If ever there was a music genre that should have been destined never to end up in the pristine, gentile confines of the South Bank Centre, it was shoegaze. Shoegaze belongs in dimly lit bars where under-nourished young men with lank hair mumble at their Converse trainers to music that owes too much of a debt to Pink Floyd.
So it is not without trepidation that we embark tonight upon an aural feast delivered by Hope Sandoval And The Warm Inventions, a combination of the lead singer of one-time paisley underground stalwarts Mazzy Star and My Bloody Valentine founder Colm O’Coisoig. It’s a combination from heaven or hell, depending on which side of the psych-pop noisescape fence you choose to sit.
First impressions bode well – we enter the auditorium as a woman leaves mumbling about looking for tissue to put in her ears: “They’re so loud!” But at this stage, support band Dirt Blue Gene are still on. Has no-one warned her there’s an ex-MBV to come?
All is revealed as we enter Queen Elizabeth Hall to discover that Dirt Blue Gene are in fact O’Coisoig and what turns out to be the rest of The Warm Inventions under a different guise (ie. sans Sandoval). Two guitarists, a bassist, drummer and keyboards deliver warm waves of laid back, soporific noise as O’Coisoig does a passable impression of what Robyn Hitchcock might sound like if he discovered his sonic muse and feedback.
They have a tendency to dribble too far down the guitar noodling route, but there’s nothing (too much) wrong with sounding like you’ve been raised on a diet of Neil Young mentoring The Jesus & Mary Chain except that, like all things progressive rock, it tends to go on for a bit too long and ends up being a bit too samey. Three tracks in, Dirt Blue Gene sound like great background music but, with nothing for it to provide background to, it’s time to change the record.
To be fair to them, they do, ramping it up for the final track so that the aural assault batters your heart as the wall of sonic builds up to a crashing crescendo. The gentle, folky ballad they follow this with proves they’re much more than a one-trick pony. “Shame they’ve listened to too many Pink Floyd records,” quips one wag on the way to the interval bar, as if such a thing as listening to too many Pink Floyd records could be possible.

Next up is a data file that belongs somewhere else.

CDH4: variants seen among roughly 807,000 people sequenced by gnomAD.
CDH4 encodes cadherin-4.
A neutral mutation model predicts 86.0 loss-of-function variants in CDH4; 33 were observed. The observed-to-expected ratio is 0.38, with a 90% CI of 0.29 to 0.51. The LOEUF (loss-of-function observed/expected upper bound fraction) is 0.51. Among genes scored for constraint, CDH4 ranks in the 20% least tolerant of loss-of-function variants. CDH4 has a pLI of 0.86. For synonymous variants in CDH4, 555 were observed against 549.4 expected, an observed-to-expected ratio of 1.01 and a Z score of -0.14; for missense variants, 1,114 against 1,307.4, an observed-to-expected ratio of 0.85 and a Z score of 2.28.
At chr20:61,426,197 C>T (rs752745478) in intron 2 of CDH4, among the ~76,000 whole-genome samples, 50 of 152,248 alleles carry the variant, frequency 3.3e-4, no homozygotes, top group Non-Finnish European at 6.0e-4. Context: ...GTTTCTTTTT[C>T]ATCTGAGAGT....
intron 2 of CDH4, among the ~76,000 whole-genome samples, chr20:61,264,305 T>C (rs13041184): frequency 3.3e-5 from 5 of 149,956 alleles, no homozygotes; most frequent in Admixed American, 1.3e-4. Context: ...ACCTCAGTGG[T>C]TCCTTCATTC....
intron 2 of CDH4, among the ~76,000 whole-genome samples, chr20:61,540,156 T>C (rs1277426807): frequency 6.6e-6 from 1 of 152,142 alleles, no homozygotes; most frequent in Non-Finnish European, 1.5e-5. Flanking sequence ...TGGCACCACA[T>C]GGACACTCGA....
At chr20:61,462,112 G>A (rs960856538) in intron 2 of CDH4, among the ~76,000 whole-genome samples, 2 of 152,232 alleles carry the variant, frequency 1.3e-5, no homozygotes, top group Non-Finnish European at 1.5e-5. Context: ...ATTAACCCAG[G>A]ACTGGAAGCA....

But this is meant to be a review of Hope Sandoval, so on to the main event. Hope Sandoval is tiny, a waif-like girl-creature you can imagine being blown away by even the gentlest guitar feedback, with a voice that could drown out a tsunami. She is the perfect antidote to the stoner rock noodling O’Coisoig has just proved he will descend into if left to his own devices.
Over a video backdrop that complements the sound perfectly, they perforate the following hour with music that definitely belongs to the shoegaze genre, but here they’re shoegazing at a sequined slipper, a delicate and beautiful adjunct to the harsher walls of sound that have come before. Waves of harmonica and xylophone-drenched harmonies wash across the audience with occasional plink-plonk etherealness to it all as Sandoval taps the xylophone keys with such alluring innocence that she looks like a child in the lions’ den.
The Velvet Underground have a lot to answer for, and here and there it’s impossible not to see their influence shining through, along with all the bands Mazzy Star and My Bloody Valentine have influenced and been influenced by over the years.
Like Dirt Blue Gene before them, Hope Sandoval And The Warm Inventions let the sonics of the last-but-one song spiral out of control just so they can bring it back again and finish on a track in the lowest key ever (unless it’s just that they’ve completely destroyed the ability to hear in high register by this stage).
There’s minimum interaction with the audience, so it seems that virtually as soon as they’ve started they’ve gone, slipping out into the night to backstage whiskeys and the next leg of the tour while. Meanwhile, in another nod to the true spirit of shoegaze, back in the auditorium the guitars finally hum themselves off to sleep.